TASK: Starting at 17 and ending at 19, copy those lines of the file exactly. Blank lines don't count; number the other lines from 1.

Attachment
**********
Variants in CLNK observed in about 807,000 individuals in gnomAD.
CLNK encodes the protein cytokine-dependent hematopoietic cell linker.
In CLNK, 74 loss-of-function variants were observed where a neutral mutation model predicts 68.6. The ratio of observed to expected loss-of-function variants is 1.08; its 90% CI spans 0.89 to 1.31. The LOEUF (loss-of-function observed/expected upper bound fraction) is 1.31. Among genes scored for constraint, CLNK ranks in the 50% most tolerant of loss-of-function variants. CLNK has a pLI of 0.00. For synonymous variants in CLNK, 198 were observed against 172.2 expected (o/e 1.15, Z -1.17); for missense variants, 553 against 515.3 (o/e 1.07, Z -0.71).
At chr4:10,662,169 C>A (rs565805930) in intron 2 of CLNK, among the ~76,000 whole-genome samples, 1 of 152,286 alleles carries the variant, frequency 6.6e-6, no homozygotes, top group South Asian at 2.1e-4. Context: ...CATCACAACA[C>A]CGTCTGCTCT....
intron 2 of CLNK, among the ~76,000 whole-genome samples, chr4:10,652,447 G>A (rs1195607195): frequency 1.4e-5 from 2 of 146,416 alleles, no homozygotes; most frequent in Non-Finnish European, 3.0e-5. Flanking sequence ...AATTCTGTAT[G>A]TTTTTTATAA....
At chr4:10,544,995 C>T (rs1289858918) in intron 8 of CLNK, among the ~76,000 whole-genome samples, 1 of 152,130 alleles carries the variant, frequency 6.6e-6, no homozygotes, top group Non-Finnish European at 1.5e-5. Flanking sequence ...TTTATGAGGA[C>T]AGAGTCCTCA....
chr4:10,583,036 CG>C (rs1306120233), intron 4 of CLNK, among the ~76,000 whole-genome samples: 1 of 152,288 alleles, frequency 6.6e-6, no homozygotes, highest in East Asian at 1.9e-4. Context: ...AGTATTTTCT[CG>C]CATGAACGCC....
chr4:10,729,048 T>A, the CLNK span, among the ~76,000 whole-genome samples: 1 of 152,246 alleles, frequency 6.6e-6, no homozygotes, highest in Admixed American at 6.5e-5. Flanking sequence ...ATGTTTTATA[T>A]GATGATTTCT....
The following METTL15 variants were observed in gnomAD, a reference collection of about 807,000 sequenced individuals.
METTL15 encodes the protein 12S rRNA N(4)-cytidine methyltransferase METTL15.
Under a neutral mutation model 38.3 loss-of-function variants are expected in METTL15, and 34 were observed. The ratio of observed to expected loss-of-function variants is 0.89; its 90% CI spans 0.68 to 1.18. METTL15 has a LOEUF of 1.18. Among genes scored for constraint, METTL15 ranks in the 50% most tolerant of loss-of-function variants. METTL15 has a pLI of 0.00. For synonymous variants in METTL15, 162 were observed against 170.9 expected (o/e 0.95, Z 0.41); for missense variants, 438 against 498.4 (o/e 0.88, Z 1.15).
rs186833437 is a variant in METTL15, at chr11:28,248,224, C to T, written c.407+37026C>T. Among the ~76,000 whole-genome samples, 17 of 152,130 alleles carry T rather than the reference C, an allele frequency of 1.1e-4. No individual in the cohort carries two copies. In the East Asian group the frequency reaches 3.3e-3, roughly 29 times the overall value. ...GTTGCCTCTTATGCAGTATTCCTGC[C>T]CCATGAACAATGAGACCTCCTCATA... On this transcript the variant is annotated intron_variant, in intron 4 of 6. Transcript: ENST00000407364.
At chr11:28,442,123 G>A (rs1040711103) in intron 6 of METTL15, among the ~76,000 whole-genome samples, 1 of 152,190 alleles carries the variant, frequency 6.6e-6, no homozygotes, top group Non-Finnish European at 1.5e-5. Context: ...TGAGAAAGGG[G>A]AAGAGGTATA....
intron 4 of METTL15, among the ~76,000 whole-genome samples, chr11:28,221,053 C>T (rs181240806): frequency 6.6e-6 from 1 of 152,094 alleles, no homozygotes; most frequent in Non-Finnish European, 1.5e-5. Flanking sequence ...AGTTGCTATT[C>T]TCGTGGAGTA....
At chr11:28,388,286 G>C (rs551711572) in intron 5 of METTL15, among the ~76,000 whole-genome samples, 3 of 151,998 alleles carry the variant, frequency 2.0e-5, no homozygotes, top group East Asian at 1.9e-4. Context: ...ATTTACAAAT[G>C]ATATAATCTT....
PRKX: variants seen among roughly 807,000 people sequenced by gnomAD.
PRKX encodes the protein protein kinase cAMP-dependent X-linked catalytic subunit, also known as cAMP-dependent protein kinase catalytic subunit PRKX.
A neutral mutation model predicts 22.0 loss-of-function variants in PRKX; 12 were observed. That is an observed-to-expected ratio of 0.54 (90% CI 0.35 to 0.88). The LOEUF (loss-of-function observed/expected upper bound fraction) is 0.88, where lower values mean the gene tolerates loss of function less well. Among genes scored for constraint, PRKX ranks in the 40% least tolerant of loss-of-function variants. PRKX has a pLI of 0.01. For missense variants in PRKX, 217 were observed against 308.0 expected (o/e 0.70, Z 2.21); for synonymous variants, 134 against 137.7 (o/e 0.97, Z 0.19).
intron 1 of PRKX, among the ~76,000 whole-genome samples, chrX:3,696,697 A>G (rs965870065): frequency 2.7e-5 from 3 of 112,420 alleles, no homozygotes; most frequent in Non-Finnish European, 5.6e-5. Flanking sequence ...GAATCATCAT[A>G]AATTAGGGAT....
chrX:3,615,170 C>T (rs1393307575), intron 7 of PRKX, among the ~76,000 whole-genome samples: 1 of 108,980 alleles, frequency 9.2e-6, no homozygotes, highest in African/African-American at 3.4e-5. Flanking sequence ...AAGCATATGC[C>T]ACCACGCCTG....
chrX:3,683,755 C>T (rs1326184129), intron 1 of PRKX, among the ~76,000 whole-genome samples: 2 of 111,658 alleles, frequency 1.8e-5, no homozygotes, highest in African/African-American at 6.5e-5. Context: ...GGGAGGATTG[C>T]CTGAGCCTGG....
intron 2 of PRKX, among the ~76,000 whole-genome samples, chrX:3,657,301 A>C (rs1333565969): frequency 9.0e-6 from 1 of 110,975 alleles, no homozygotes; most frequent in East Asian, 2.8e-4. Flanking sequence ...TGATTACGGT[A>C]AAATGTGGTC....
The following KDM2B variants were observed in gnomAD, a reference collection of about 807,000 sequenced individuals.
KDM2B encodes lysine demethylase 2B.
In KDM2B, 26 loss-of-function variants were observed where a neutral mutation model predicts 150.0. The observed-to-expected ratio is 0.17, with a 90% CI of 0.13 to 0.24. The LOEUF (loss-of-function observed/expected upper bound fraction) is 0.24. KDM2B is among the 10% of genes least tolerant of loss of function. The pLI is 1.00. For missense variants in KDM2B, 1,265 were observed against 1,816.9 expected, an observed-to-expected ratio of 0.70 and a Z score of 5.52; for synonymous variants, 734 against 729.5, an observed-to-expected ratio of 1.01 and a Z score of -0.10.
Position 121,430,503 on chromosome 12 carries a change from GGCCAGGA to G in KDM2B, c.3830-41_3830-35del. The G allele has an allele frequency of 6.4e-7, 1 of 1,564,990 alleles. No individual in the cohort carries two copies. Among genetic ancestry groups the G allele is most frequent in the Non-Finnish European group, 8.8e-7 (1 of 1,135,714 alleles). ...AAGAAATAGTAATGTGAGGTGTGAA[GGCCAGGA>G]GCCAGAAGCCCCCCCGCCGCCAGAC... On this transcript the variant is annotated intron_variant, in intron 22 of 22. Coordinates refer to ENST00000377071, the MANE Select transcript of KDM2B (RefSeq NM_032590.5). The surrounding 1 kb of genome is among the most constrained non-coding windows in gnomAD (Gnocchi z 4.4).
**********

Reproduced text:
PRKX encodes the protein protein kinase cAMP-dependent X-linked catalytic subunit, also known as cAMP-dependent protein kinase catalytic subunit PRKX.
A neutral mutation model predicts 22.0 loss-of-function variants in PRKX; 12 were observed. That is an observed-to-expected ratio of 0.54 (90% CI 0.35 to 0.88). The LOEUF (loss-of-function observed/expected upper bound fraction) is 0.88, where lower values mean the gene tolerates loss of function less well. Among genes scored for constraint, PRKX ranks in the 40% least tolerant of loss-of-function variants. PRKX has a pLI of 0.01. For missense variants in PRKX, 217 were observed against 308.0 expected (o/e 0.70, Z 2.21); for synonymous variants, 134 against 137.7 (o/e 0.97, Z 0.19).
intron 1 of PRKX, among the ~76,000 whole-genome samples, chrX:3,696,697 A>G (rs965870065): frequency 2.7e-5 from 3 of 112,420 alleles, no homozygotes; most frequent in Non-Finnish European, 5.6e-5. Flanking sequence ...GAATCATCAT[A>G]AATTAGGGAT....